Introduction to parse and the lookup_ functions


This package aims to parse out identifiable drug names given a corpus of text. By corpus of text, we assume that the data has already been imported into R.

Data: drug_df

Throughout this vignette, we will employ a sample dataset - drug_df - that is intended to represent data collected from a clinical trial. The dataset contains 3 variables and 500 observations.

   [1] 500   3

   tibble [500 × 3] (S3: tbl_df/tbl/data.frame)
    $ textdrug: chr [1:500] "Remeron" "Remeron" "Soma" "Ectacy" ...
    $ sex     : chr [1:500] "male" "female" "female" "female" ...
    $ race    : chr [1:500] "black" "ai/an" "ai/an" "hn/pi" ...

   [1] "tbl_df"     "tbl"        "data.frame"

Note: drug_df is a simulated dataset and does not reflect any true clinical observations.


The parse() function is intended to extract identifiable drug names from a corpus of text such as, clinical trial data, social media, survey or interview transcription. parse() takes in one argument, the vector that contains the strings to be parsed.

Here is an example of some problematic records in the drug_df dataset that warrants the use of parse()

messy_data <- drug_df %>% 
  # select records that have problematic characters
  filter(str_detect(textdrug, ",|;|and|\\/|=|\\(")) %>% 

Percocets and Vicodin
Barbiturate (doesn’t know which)
heroin - “few days on, few days off”
heroin- "a few days on, few days off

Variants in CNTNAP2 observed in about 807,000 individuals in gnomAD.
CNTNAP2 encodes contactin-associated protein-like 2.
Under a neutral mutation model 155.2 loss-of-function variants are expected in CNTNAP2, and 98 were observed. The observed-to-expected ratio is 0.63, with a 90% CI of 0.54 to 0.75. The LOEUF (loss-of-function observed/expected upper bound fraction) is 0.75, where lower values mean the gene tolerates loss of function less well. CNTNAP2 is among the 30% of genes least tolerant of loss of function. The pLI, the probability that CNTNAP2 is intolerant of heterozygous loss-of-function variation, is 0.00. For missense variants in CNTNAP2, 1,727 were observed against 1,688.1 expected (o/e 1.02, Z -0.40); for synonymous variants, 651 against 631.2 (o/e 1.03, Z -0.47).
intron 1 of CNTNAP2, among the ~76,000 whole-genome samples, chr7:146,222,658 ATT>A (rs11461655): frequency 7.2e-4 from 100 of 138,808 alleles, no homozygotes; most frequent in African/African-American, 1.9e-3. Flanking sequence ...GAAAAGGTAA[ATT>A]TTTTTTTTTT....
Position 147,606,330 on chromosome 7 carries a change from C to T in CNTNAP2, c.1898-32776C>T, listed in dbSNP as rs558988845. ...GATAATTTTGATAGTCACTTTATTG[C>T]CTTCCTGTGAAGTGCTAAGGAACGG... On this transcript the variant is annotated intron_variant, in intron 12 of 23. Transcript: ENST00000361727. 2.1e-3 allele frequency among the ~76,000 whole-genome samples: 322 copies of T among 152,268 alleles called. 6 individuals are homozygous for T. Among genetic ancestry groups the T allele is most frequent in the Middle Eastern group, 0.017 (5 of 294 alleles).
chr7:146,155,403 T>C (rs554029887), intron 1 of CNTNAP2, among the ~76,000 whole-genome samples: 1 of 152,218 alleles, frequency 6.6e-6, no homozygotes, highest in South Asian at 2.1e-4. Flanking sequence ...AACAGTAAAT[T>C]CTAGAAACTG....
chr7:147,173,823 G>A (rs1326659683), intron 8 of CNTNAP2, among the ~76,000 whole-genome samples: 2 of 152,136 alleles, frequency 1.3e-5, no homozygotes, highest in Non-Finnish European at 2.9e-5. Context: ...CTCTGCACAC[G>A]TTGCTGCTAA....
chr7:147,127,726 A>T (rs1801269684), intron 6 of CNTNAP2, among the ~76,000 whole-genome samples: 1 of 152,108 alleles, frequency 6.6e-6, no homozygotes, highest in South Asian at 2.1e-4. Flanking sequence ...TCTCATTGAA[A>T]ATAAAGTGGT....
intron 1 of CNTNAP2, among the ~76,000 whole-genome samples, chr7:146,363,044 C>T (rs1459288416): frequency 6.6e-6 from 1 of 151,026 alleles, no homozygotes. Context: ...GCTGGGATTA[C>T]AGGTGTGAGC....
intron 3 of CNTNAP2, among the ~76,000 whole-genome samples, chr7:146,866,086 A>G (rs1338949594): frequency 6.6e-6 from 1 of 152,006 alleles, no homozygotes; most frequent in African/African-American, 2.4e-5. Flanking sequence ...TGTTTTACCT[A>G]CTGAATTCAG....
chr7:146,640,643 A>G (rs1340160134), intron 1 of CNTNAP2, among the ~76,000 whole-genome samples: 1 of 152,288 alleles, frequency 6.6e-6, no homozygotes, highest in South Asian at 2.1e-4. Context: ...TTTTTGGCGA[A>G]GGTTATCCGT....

Ambien = 2 pills
Ambien “a bunch” = 2 pills
promethazine (25mg), clonidine (0.1mg)

As you can see there are so many extraneous/problematic characters, multiple drugs in one record and several variations of the same drug (i.e. “bup/nx”). We assume that the user is solely interested in the drugs themselves, not information such as dosage and units.

This messy data is exactly what parse() was designed for.

drug_names <- DOPE::parse(messy_data$textdrug)

    [1] "bup/nx"       "bup/nx"       "bup/nx"       "percocets"    "vicodin"     
    [6] "barbiturate"  "heroin"       "few"          "days"         "days"        
   [11] "off"          "heroin"       "a"            "days"         "days"        
   [16] "ambien"       "pills"        "ambien"       "a"            "bunch"       
   [21] "pills"        "promethazine" "clonidine"

Notice parse() cleans up the capitalization and punctuation of ‘bup/nx’. parse() has special code to clean up cases of ‘bup/nx’ and also ‘speedball’. It also finds the distinction of the final row “promethazine (25mg), clonidine” and separates them. See the tidytext package.1

The resulting vector can then be passed on to the lookup_* functions to identify whether the input drug is a class, category or a synonym for other drugs in the same category.



This function relies on a comprehensive lookup table lookup_df. This dataframe contains 3 variables:

These names were based on terms used by the DEA.2

   [1] 4258    3

   'data.frame':    4258 obs. of  3 variables:
    $ class   : chr  "hallucinogen" "hallucinogen" "hallucinogen" "hallucinogen" ...
    $ category: chr  "2cb" "2cb" "2cb" "2cb" ...
    $ synonym : chr  "banana split" "bdmpea" "bromo" "mft" ...

   [1] "data.frame"

The purpose of this function is to return any possible matches to the lookup_df, which is a comprehensive dataframe consisting of all drug classes, categories and synonyms. It serves as a source or helper function to many of the other more specific function in the package. The idea is to match any possible columns with a the single word, a list of separate words or a vector passed as an argument. The dataframe returned will consist of the lookup_df match as well as the original_word that was the source of the match.